Martha: The Homemaker
My name is Martha. I live in Bethany, a village two miles east of Jerusalem, with my brother Lazarus and my younger sister Mary. Lazarus' good friend Jesus, a Galilean, often visited in our home when He was in Jerusalem. Ever since His first visit, Mary and I have felt as if we were His good friends, too.
It all started when one early spring day Lazarus returned from business in Jerusalem to say that he had seen Jesus and had invited Him to come to lunch the following day. Since I pride myself on being a good cook and homemaker, my mind immediately went to work on the next day's menu. For some time I had wanted to prepare a nourishing meal for Jesus, as I had remembered Lazarus telling me about the disciples urging Jesus to eat when He had not. Finally, my chance had come.
Of course, the house needed to be cleaned and the food bought before I could even begin. So I worked late into the night sweeping the floors and filling the olive oil lamps. It was well past midnight when I laid down in the comfort of my bed. The crowing of the rooster just before dawn startled me and I awoke. Then I jumped out of bed to prepare myself for my trip to the market. I hurried from shop to shop so I would be home in time to start the fire to slowly cook the mutton. A lunch could easily become a feast for such a special friend.
When I returned home, Mary had gone out into the countryside to gather wildflowers to place in vases to color and sweeten the rooms. So I spent most of the morning alone in the kitchen doing all the preparation. By this time my feet and back were aching. Out the window I could see the shortening shadows signifying noon. Just as Mary was coming through the back door with a handful of wildflowers, Lazarus called out, "Jesus is here!"
Quickly, I wiped off my hands and walked to the living area where Jesus was greeting Mary with a friendly hug. I interrupted by saying, "I'm so glad you were able to come. Please have a seat in the living room and visit while I finish getting the food ready. I think it is just about done. Will you please excuse me?"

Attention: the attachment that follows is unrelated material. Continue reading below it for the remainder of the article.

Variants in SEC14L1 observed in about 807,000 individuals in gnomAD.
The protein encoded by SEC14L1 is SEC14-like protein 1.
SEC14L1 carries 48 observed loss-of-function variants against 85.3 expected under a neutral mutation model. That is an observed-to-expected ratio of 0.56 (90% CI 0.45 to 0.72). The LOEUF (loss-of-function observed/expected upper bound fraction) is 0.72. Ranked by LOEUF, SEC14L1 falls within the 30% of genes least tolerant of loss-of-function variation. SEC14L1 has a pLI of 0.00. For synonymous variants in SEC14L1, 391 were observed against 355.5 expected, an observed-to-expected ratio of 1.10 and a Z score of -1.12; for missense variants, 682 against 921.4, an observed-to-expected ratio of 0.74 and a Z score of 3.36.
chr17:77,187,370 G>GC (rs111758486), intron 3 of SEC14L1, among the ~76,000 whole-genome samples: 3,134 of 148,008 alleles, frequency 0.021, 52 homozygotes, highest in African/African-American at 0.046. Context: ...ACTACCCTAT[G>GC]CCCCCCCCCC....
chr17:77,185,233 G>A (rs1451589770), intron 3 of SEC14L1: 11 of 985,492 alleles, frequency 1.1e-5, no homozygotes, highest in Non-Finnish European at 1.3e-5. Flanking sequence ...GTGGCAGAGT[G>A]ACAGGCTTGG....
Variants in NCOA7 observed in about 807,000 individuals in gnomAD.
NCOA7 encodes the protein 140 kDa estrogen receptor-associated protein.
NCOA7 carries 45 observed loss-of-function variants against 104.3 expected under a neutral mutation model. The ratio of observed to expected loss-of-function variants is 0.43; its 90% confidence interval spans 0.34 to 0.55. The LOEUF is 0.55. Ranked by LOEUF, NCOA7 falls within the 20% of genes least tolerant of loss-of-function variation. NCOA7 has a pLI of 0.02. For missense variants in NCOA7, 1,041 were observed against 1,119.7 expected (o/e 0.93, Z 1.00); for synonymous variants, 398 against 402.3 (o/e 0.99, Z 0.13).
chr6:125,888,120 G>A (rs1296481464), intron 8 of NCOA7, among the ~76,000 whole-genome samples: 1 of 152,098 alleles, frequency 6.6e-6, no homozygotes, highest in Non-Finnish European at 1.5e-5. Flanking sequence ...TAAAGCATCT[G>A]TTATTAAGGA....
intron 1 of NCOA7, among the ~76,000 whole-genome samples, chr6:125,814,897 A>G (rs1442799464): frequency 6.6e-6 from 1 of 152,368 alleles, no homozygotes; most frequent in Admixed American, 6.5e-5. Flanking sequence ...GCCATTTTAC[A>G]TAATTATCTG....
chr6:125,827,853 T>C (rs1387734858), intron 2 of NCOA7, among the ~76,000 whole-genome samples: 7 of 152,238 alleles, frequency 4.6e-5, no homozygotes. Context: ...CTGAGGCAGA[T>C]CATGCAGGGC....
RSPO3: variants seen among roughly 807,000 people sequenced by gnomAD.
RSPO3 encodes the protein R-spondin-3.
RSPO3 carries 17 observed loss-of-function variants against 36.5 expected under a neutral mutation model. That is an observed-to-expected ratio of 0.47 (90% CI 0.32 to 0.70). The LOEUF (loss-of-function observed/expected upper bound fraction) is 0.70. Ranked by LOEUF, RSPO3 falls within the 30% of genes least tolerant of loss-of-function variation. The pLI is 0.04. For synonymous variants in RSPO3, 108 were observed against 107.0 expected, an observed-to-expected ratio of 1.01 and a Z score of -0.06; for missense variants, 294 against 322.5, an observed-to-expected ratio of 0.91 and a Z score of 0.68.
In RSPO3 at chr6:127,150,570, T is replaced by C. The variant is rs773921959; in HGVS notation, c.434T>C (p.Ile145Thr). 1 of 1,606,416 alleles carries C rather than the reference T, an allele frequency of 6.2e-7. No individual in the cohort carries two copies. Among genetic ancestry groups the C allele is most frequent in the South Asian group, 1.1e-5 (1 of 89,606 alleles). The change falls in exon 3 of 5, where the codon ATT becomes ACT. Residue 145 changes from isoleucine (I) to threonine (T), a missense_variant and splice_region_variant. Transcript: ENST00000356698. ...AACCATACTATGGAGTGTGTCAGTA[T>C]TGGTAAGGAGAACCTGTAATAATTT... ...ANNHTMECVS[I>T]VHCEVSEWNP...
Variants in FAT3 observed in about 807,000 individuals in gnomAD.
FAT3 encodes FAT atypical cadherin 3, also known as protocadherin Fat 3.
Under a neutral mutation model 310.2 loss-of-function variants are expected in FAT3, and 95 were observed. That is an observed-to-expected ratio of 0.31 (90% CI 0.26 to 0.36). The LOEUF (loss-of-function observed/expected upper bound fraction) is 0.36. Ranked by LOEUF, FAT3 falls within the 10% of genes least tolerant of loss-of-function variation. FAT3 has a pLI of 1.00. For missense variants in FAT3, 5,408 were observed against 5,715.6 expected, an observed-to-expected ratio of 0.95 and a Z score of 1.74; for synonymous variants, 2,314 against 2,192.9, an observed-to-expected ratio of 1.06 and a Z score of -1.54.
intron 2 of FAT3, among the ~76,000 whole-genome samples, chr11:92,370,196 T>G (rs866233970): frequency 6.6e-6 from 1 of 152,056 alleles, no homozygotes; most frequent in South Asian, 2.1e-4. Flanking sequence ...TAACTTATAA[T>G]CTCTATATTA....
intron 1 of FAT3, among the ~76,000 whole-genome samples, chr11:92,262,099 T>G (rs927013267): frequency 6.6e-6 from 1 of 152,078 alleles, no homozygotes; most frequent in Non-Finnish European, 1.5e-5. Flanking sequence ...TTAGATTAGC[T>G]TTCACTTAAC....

Hurriedly I stepped into the kitchen to test the meat. The mutton was just right and the vegetables were ready to be dished up for serving. I needed someone to get the wine from storage and the dishes to the table. In my frustration, I walked into the living room and said, "Jesus, doesn't it seem unfair to you that my sister just sits here while I do all the work? Tell her to come and help me!"
"Martha, my dear Martha, you are so upset over all these details. There is really only one thing worth being concerned about, and Mary has discovered it. I won't take it away from her."
I was a little taken back by Jesus' response, and I could feel my face flush as I returned to the kitchen. But despite my feelings, I hurried to get the mutton on the platter, the vegetables in the bowls, and the wine from storage.
Once we were all seated around the table, Lazarus kept asking Jesus questions like, "You said you must die and then return to life. How is such a thing possible?"
His only reply was, "You shall see."
I didn't break into the conversation because I was busy getting more bread and wine, or maybe I was pouting with a smile. As the bowls were emptied, I carried them into the kitchen. Standing alone cleaning the dishes, I wondered, "Does Jesus love Mary more than me? Maybe she is prettier." When I had asked my mother about it as a thirteen-year-old, she had told me, "Just because you are big boned like I am doesn't mean you aren't pretty. You have a sweet face, and besides, true beauty is from the heart." I felt good about myself then, but not now.
I was finished with the dishes and was wiping down the water basin when I sensed someone approach me from behind.
I continued looking out the window while slowly wiping my hands. My eyes welled up with tears until they were so full that they began to roll down my cheeks and drip silently into the basin. Because I am the strong one in the family, I didn't say a word. Then Jesus touched me on the shoulders and gently turned me around. I felt so ashamed that I covered my face with both hands, but Jesus' long arms reached around me and pulled me close. It was then that I really began to cry. He continued to hold me with His left hand and stroked my hair with His right. I moved my wet hands from my face and laid my head and the palms of both my hands on His chest. Then with a comforting sigh, Jesus said, "I love no one more than you, Martha. I want Mary to be Mary, and Martha to be Martha."
Based on Luke 10:38-42; John 4:31-34.
Copyright 1997 by John C. WesterveltReturn to Table of Contents